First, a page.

And lastly: In Oath, as @Benkyo mentioned and I experienced independently in one of my own games, a player may not have “winning” as their primary goal for the game. This is I think an attribute reserved for any kind of game that has an on-going state that transports into another game, be it through rpg elements, campaign style story-telling or legacy elements.

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I wish more reviews of games related to emotion states within games (regret, joy, hubris) rather than verbs (move token here, draw this card).

I think the idea that games can be described by objective mechanics are possibly one of the worst aspects of games (and the criticism of them). Nobody who likes a worker placement likes it because it’s worker placement - the worker placement triggers some feeling (fomo, the realisation that your strategy is built on sand, cruelty, jackpot) and that is totally based on everything else in the game.

If I made a worker placement game where each square was infinitely repeated I think even then most ridiculous fan of worker placement would not find joy in it it.


You can be restrictive on what mechanisms you like/dislike because these can convey what feeling you want or dont want.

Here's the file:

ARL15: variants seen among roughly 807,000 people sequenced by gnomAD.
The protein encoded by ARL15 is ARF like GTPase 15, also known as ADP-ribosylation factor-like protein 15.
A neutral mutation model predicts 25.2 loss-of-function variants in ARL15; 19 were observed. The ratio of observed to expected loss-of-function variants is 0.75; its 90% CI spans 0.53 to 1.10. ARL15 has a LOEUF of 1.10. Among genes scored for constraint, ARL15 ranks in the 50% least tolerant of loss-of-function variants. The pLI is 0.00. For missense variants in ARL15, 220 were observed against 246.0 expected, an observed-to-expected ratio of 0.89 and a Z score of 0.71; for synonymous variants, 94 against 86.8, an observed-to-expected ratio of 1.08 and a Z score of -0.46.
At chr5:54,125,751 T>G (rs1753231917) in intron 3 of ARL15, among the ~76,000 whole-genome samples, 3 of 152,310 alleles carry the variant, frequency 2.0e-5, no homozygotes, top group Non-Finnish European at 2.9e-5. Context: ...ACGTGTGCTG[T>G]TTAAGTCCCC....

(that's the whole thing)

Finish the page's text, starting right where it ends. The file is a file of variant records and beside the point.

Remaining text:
A resource conversion + worker placement gives me the impression that it’ll be very solitaire and will avoid it.

In regards to feelings: I love obscurity. Your choices are either so nebulous or so wide or both that you cant make a predictable outcome. Saying “I dont know what to do” wont be enough.

“Oh no! You sunk my battleship!” is another where the game is highly interactive that players have no qualms on attacking each other.

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I enjoy games that provoke evil cackling, but without ruining the whole game for the victim. Crashing asteroids into Mars in Terraforming Mars is a good one, as is the whole of card games like 6 nimmt and Oh Hell.

On the opposite end of the spectrum, I tend to like games that give me a “Brass headache”

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While in Firefly, where the interaction is a relatively minor part of the game, I often see players help each other, sometimes even while they’re still meaningfully rivals. And sometimes they don’t. Often determined by which character they’re playing…


I realise that this sense of role-play is another mechanic I enjoy. Dead of Winter can be played so that the crossroads cards feel like ‘move these tokens to there or move that one down one step’ or it can feel like ‘how can we possibly leave those people out in the cold?’ I prefer the second version which is why I still enjoy Dead of Winter. I don’t play RPGs but I like games that allow me to think ‘what would an Italian merchant/Medieval road-builder/19th-century industrialist/Counter-reformation pope actually want to achieve here?’ Tigris and Euphrates is the antithesis of this, so despite my admiration for the game I don’t love it.